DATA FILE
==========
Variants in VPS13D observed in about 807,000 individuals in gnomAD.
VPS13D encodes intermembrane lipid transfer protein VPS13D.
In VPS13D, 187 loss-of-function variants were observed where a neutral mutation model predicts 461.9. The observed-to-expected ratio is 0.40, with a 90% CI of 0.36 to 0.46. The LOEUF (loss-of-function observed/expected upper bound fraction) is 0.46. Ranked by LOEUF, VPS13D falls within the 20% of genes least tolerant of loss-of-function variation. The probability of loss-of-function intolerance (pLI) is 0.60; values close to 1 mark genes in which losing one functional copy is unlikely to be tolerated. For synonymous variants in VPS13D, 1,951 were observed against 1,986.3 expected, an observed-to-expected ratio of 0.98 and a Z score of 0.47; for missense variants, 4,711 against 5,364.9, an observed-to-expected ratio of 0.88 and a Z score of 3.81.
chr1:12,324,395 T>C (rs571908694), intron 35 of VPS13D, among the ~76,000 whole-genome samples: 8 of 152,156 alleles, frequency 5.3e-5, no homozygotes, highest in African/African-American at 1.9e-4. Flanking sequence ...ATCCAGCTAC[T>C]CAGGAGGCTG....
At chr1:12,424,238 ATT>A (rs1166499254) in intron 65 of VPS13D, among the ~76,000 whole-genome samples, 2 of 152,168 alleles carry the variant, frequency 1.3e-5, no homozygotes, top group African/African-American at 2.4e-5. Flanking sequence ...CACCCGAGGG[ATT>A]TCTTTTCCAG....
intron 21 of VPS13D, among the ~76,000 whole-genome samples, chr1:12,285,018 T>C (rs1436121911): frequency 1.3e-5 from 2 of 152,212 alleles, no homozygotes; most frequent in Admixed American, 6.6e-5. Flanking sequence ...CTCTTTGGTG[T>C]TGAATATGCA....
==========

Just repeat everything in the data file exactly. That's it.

Variants in VPS13D observed in about 807,000 individuals in gnomAD.
VPS13D encodes intermembrane lipid transfer protein VPS13D.
In VPS13D, 187 loss-of-function variants were observed where a neutral mutation model predicts 461.9. The observed-to-expected ratio is 0.40, with a 90% CI of 0.36 to 0.46. The LOEUF (loss-of-function observed/expected upper bound fraction) is 0.46. Ranked by LOEUF, VPS13D falls within the 20% of genes least tolerant of loss-of-function variation. The probability of loss-of-function intolerance (pLI) is 0.60; values close to 1 mark genes in which losing one functional copy is unlikely to be tolerated. For synonymous variants in VPS13D, 1,951 were observed against 1,986.3 expected, an observed-to-expected ratio of 0.98 and a Z score of 0.47; for missense variants, 4,711 against 5,364.9, an observed-to-expected ratio of 0.88 and a Z score of 3.81.
chr1:12,324,395 T>C (rs571908694), intron 35 of VPS13D, among the ~76,000 whole-genome samples: 8 of 152,156 alleles, frequency 5.3e-5, no homozygotes, highest in African/African-American at 1.9e-4. Flanking sequence ...ATCCAGCTAC[T>C]CAGGAGGCTG....
At chr1:12,424,238 ATT>A (rs1166499254) in intron 65 of VPS13D, among the ~76,000 whole-genome samples, 2 of 152,168 alleles carry the variant, frequency 1.3e-5, no homozygotes, top group African/African-American at 2.4e-5. Flanking sequence ...CACCCGAGGG[ATT>A]TCTTTTCCAG....
intron 21 of VPS13D, among the ~76,000 whole-genome samples, chr1:12,285,018 T>C (rs1436121911): frequency 1.3e-5 from 2 of 152,212 alleles, no homozygotes; most frequent in Admixed American, 6.6e-5. Flanking sequence ...CTCTTTGGTG[T>C]TGAATATGCA....